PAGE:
Brazil playmaker Kaka wasn't even looking at Kader Keita when the Ivory Coast player made the tiniest amount of contact with one of the most mild-mannered guys in the game. That didn't stop Keita from collapsing to the ground, writhing and howling as if mortally wounded.
It was, at the very most, a foul. But by giving Kaka his second yellow of the night and, with it, an automatic ejection, the referee touched off a new round of criticism. Between the "We Wuz Robbed!" goal that wasn't, the blatant hand balls, or the over-the-top acting jobs, it's enough to make anyone wonder what the refs at the World Cup are watching.
As far as FIFA is concerned, they're watching just fine.
"We are very, very satisfied with the performance of the referees," Jose-Marcia Garcia-Aranda, head of refereeing for the sport's governing body, said Monday.
That's one person, at least.
Questionable decisions are bound to happen in a sport that depends on the human eye to right wrongs. It's part of the game's charm, and it gives fans endless ammunition for arguments over a pint or two. Good-naturedly, of course.
The gaffes at this World Cup have been so obvious, however, and have had enough of an impact on games that Monday's availability with Garcia-Aranda and the referees was an attention-grabber. Never mind that no one would comment on specific calls. Or that France's Stephane Lannoy, who red-carded Kaka, and Mali's Koman Coulibaly, who waved off what would have been a game-winner for the Americans against Slovenia, were "travelling" and unable to attend.
"In my opinion, the decision-making here has been pretty consistent and pretty accurate," said Howard Webb, one of the most respected refs in the game and a favourite to work the World Cup title game after officiating the Champions League final.
Try telling that to the folks watching.
Especially if they saw Kaka being sent off Sunday night. Hardly one of the game's troublemakers, he's a gentle sort who hasn't had a red card in at least seven years. Never in a Brazil uniform.
"I'm not going to talk about the ejection," Kaka said after the game. "The images tell it all."
Keita and Kaka both appeared to have their eyes on the ball when they collided. Kaka does raise his right elbow slightly, but it appeared to be more defensive than thuggish. And it certainly wasn't enough to merit Keita's Oscar-worthy histrionics. Keita buried his face in his hands as if trying to keep his eyeball from falling out, crumpled to the ground and rolled around in agony for several minutes while his teammates cried foul.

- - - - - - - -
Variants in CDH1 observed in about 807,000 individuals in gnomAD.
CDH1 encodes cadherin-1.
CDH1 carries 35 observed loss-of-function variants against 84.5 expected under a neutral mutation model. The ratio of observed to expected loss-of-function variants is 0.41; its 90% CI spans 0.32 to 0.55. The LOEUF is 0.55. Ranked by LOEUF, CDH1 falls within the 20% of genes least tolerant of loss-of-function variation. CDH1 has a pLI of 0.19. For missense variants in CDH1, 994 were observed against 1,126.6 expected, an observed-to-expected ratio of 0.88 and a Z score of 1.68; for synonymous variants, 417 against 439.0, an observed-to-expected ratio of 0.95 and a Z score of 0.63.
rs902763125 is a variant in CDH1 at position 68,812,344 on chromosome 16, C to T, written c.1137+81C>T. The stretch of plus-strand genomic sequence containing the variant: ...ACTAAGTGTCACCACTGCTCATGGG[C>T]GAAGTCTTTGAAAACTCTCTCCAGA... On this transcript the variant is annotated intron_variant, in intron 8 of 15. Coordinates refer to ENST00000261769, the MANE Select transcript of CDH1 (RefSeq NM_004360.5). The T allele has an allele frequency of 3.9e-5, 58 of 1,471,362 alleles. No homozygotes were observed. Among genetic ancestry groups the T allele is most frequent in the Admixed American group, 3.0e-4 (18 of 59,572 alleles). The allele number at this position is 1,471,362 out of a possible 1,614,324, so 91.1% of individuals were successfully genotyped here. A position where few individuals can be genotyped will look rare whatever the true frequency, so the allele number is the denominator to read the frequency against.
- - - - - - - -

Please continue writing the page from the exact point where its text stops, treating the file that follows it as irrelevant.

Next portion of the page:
Yet when play resumed, there was Keita, looking none the worse.
FIFA wasn't biting when asked about it Monday - good thing, because there was a similar incident a few hours later in the Switzerland-Chile game.
Switzerland played a man down after midfielder Valon Behrami was sent off in the 31st minute with a straight red card, getting tangled up with not one, but two Chilean players. Never mind that the second Chilean appeared to be going down in agony before contact was even made.
"The red card was not even a yellow card," Swiss coach Otto Hitzfeld blustered after the 1-0 loss, accusing Chile's players of putting on "quite a performance."
Brazil's Luis Fabiano didn't even bother trying to deny he'd handled the ball on the way to his second goal Sunday night. Even six-year-olds know goalkeepers are the only players who can use their hands in football, yet Lannoy was laughing when he let Luis Fabiano know afterward that he was onto the Brazilian.
In the U.S. game, Coulibaly's whistle not only nullified Maurice Edu's goal, it penalized the Americans and prompted a wave of outrage. Several days later, the U.S. players were still getting text messages and emails about it from folks back home.
"In some ways it's really heartening to see how much people care," Landon Donovan said.
Part of the problem, particularly for U.S. fans, is that soccer refs aren't required to - and rarely do - explain their decisions. If there's a bad call in the NBA, NFL or Major League Baseball, someone will weigh in within a few hours. Even if it's just to say it's being examined.
FIFA? Not so much.
"The duty of the referees is not to explain their decision ... (but to) try to do their best on the field of play," Garcia-Aranda said. "(Otherwise) they are not focused on the game, they are focused on the media."
While some refs said they wouldn't mind explaining themselves and can even see the merit of it, don't expect it to happen anytime soon. Ditto for other measures that could bring a little more transparency to questionable calls.
Video replay isn't an option so long as Sepp Blatter is FIFA president, and he's all but certain to be re-elected to a fourth four-year term next year.
"We're all accustomed to the fact that if it's an NFL playoff game and there's a call that's in question, there will be a statement by the league from the referees, but FIFA operates differently," U.S. coach Bob Bradley said. "From our end, we get used to that. And we all have friends and family who ask us the same questions that most of you ask, and you end up saying that's just how it is sometimes, and then you move on and you get ready for the next game."
In other words, the griping will go on.